The start of a new year traditionally is the time to look back and to look ahead. As the Maine Legislature ponders what to do with the state’s $200 million-plus revenue surplus, it’s also a good time to look around.
Maine, you see, is not the only state enjoying a windfall. The surplus craze is sweeping the nation; the phenomenon of low unemployment, stable interest rates, nonexistent inflation and solid consumer confidence manifests itself from sea to shining sea and across the entire fruited plain.
Where Maine does stand alone, unfortunately, is in giving serious consideration to squandering its unanticipated riches on a sales-tax cut.
Take Massachusetts. Please. The Bay State racked up a $700 million surplus last fiscal year and, after spending some on one-time capital projects, promptly cut its income tax. This year’s bonus will be somewhat less, but the only argument is how much, not whether, the income tax will be cut again.
Iowa, a state knee-deep in common sense, is whacking its income tax 10 percent and expanding a tax break for small-business startups.
Montana is using its extra cash to let would-be homebuyers set up tax-free savings accounts to build nest eggs for their first homes.
California is setting up an income tax credit — that’s a full-blown credit, not just a measly deduction — for dependents. Wisconsin is giving married couples a tax credit of up to $304 a year to help offset the so-called “marriage penalty” built into the tax code. Michigan is raising its personal exemption and the exemption for children, expanding a tuition tax credit and increasing its deduction on earnings from interest, dividends and capital gains.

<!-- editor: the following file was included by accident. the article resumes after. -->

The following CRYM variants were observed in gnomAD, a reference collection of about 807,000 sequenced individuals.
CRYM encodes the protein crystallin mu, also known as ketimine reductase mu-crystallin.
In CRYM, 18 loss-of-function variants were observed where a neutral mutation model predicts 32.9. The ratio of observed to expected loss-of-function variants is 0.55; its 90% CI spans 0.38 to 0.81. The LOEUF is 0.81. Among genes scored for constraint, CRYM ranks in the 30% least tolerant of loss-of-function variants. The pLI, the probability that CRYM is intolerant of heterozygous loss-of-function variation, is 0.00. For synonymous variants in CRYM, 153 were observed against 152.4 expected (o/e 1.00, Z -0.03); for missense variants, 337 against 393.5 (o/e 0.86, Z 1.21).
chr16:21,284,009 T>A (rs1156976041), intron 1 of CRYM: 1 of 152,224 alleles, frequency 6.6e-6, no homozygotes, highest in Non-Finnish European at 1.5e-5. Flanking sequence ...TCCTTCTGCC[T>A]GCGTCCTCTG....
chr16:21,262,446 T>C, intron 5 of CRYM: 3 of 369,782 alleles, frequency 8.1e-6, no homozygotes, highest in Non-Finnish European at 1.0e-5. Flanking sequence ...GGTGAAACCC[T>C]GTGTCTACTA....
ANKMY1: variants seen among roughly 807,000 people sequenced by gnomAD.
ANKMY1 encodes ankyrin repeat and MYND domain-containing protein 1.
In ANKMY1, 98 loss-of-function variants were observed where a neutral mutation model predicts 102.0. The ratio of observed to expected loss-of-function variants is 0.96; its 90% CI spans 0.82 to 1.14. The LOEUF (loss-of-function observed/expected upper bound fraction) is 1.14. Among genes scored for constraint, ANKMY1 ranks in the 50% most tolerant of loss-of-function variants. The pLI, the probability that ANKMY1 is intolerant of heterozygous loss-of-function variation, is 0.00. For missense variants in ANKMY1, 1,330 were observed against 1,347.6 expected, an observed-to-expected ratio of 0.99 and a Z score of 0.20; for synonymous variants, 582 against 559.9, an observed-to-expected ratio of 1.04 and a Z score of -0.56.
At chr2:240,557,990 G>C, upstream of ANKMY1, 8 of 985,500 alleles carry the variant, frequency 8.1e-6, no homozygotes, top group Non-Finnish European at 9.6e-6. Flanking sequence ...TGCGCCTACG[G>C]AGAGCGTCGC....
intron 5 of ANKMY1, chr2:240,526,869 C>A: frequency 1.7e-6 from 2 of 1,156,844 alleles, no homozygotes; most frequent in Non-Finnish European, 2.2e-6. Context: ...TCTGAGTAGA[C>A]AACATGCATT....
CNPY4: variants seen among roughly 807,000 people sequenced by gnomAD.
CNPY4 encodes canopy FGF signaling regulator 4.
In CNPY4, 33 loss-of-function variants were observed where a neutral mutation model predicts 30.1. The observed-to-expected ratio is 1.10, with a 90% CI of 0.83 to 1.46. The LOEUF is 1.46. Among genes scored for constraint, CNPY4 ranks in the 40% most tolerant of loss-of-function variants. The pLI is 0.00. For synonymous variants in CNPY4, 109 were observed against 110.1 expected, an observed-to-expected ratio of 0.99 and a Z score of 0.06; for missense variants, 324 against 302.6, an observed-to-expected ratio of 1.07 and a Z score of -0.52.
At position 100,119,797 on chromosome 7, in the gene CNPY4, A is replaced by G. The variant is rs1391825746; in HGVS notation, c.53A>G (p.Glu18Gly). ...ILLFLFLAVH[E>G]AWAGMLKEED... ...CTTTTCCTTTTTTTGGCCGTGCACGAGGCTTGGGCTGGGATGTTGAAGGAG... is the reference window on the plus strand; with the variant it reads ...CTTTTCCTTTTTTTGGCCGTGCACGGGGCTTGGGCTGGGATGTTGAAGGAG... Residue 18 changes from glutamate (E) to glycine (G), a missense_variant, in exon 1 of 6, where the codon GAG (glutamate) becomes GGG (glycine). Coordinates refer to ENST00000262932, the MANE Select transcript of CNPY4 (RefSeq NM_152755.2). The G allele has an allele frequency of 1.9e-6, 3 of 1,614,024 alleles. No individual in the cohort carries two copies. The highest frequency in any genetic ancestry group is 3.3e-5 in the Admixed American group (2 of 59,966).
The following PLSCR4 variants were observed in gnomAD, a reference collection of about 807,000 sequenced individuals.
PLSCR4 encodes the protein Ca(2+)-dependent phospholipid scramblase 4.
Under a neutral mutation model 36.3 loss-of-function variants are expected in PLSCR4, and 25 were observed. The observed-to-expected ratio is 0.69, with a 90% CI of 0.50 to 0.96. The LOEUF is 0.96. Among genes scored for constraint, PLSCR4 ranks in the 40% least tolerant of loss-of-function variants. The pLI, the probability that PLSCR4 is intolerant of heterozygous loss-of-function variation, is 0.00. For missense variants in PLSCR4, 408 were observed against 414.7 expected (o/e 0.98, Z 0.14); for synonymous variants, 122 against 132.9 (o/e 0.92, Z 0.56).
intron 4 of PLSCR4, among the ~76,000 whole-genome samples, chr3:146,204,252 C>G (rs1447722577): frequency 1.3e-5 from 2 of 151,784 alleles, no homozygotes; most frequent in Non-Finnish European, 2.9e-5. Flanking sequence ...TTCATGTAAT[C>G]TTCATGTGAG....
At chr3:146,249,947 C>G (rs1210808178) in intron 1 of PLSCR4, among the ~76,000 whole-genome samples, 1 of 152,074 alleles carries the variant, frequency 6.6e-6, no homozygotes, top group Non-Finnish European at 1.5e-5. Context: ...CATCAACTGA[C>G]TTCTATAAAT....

And so on. The methods vary, but the trend elsewhere is to put money back into the pockets of wage-earners, to help families raise and educate their children, to encourage home-owners, entrepreneurs, investors and savers. If other states had property tax systems as sick as Maine’s, chances are they’d be spending some money on remedies. Only here, apparently, is a tax cut favoring those, including tourists, who buy expensive non-essentials getting serious consideration.
Those pushing for the penny or even the half-penny sales tax reductions can’t even make a case that Maine consumers are unfairly burdened at the cash register. Our six-cent tax is found in eight other states, six states have higher sales taxes, 13 are just a penny or less lower. Maine does not tax groceries. Fifteen states do.
During the break between sessions, the move to cut the sales tax by a penny gained considerable momentum. While it’s discouraging to see so many legislators jumping on the wrong bandwagon, it is heartening to know that so many are eager to give $120 million back to the taxpayers. Now, as lawmakers reconvene, they just need to figure out a way that better helps those who need it. And if they need a hint, all they have to do is look around.